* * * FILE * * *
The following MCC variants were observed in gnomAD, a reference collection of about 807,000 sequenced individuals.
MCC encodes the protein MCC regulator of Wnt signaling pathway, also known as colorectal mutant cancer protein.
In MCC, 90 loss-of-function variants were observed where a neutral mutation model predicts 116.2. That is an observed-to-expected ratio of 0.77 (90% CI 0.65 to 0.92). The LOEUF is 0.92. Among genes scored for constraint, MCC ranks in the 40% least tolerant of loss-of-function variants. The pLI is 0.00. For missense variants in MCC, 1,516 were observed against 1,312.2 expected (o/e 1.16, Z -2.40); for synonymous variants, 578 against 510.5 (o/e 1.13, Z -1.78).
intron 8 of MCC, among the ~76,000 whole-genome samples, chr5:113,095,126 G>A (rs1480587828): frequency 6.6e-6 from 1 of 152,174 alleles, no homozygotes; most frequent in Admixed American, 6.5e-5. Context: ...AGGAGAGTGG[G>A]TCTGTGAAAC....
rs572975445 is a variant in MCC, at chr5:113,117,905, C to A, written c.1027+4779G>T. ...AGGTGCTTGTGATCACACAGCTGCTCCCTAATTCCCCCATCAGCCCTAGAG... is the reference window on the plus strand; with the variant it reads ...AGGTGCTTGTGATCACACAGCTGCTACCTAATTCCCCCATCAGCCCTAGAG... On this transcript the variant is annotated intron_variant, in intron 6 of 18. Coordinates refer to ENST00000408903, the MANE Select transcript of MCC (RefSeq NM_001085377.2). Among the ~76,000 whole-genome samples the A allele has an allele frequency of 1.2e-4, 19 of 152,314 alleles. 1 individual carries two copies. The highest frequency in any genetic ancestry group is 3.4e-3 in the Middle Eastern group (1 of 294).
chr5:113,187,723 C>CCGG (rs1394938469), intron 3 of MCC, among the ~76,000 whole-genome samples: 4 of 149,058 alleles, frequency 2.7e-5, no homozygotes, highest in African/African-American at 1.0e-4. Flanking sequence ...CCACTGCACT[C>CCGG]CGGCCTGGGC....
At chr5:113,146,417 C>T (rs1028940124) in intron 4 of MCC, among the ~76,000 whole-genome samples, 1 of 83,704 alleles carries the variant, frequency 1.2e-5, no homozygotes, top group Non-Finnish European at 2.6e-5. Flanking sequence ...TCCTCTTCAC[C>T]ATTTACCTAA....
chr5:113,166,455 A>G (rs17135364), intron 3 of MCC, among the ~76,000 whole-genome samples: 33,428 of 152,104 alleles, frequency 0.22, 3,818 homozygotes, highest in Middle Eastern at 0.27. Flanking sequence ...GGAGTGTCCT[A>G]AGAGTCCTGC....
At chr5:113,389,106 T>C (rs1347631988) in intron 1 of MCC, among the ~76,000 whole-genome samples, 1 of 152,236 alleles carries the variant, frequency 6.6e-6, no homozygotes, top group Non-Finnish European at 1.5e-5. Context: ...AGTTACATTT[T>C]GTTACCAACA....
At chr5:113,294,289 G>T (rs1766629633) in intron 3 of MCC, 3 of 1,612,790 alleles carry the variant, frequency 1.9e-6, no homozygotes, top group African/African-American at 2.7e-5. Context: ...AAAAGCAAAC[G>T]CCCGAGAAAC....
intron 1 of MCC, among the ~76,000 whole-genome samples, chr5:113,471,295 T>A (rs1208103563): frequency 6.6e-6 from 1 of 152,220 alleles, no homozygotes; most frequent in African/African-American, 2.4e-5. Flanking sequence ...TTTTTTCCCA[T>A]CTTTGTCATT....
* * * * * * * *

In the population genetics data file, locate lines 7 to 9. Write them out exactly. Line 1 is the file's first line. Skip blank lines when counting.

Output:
At chr5:113,146,417 C>T (rs1028940124) in intron 4 of MCC, among the ~76,000 whole-genome samples, 1 of 83,704 alleles carries the variant, frequency 1.2e-5, no homozygotes, top group Non-Finnish European at 2.6e-5. Flanking sequence ...TCCTCTTCAC[C>T]ATTTACCTAA....
chr5:113,166,455 A>G (rs17135364), intron 3 of MCC, among the ~76,000 whole-genome samples: 33,428 of 152,104 alleles, frequency 0.22, 3,818 homozygotes, highest in Middle Eastern at 0.27. Flanking sequence ...GGAGTGTCCT[A>G]AGAGTCCTGC....
At chr5:113,389,106 T>C (rs1347631988) in intron 1 of MCC, among the ~76,000 whole-genome samples, 1 of 152,236 alleles carries the variant, frequency 6.6e-6, no homozygotes, top group Non-Finnish European at 1.5e-5. Context: ...AGTTACATTT[T>C]GTTACCAACA....